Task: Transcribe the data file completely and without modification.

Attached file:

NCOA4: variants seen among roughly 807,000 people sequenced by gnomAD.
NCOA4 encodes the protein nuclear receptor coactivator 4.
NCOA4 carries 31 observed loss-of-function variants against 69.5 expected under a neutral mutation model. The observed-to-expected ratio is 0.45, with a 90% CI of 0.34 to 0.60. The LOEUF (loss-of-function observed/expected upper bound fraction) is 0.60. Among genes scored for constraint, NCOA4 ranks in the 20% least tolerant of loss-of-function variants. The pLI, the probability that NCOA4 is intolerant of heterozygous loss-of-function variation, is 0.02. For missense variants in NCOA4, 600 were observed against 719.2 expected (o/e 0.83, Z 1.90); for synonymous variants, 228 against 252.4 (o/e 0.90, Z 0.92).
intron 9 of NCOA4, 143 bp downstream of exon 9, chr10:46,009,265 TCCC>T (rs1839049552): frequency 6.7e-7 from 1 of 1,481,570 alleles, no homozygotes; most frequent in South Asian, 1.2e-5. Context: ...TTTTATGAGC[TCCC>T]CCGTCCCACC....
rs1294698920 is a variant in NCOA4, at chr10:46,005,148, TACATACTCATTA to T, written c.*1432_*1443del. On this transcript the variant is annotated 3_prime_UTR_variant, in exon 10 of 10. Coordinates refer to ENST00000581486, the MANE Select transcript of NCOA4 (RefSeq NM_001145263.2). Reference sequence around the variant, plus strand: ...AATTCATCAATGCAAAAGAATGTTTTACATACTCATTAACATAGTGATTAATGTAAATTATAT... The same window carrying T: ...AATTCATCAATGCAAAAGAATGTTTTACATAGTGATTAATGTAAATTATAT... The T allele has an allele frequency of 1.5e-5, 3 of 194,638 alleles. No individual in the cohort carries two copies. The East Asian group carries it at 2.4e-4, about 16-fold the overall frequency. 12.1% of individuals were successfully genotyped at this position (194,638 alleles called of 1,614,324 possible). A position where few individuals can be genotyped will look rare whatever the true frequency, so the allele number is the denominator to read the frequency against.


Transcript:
NCOA4: variants seen among roughly 807,000 people sequenced by gnomAD.
NCOA4 encodes the protein nuclear receptor coactivator 4.
NCOA4 carries 31 observed loss-of-function variants against 69.5 expected under a neutral mutation model. The observed-to-expected ratio is 0.45, with a 90% CI of 0.34 to 0.60. The LOEUF (loss-of-function observed/expected upper bound fraction) is 0.60. Among genes scored for constraint, NCOA4 ranks in the 20% least tolerant of loss-of-function variants. The pLI, the probability that NCOA4 is intolerant of heterozygous loss-of-function variation, is 0.02. For missense variants in NCOA4, 600 were observed against 719.2 expected (o/e 0.83, Z 1.90); for synonymous variants, 228 against 252.4 (o/e 0.90, Z 0.92).
intron 9 of NCOA4, 143 bp downstream of exon 9, chr10:46,009,265 TCCC>T (rs1839049552): frequency 6.7e-7 from 1 of 1,481,570 alleles, no homozygotes; most frequent in South Asian, 1.2e-5. Context: ...TTTTATGAGC[TCCC>T]CCGTCCCACC....
rs1294698920 is a variant in NCOA4, at chr10:46,005,148, TACATACTCATTA to T, written c.*1432_*1443del. On this transcript the variant is annotated 3_prime_UTR_variant, in exon 10 of 10. Coordinates refer to ENST00000581486, the MANE Select transcript of NCOA4 (RefSeq NM_001145263.2). Reference sequence around the variant, plus strand: ...AATTCATCAATGCAAAAGAATGTTTTACATACTCATTAACATAGTGATTAATGTAAATTATAT... The same window carrying T: ...AATTCATCAATGCAAAAGAATGTTTTACATAGTGATTAATGTAAATTATAT... The T allele has an allele frequency of 1.5e-5, 3 of 194,638 alleles. No individual in the cohort carries two copies. The East Asian group carries it at 2.4e-4, about 16-fold the overall frequency. 12.1% of individuals were successfully genotyped at this position (194,638 alleles called of 1,614,324 possible). A position where few individuals can be genotyped will look rare whatever the true frequency, so the allele number is the denominator to read the frequency against.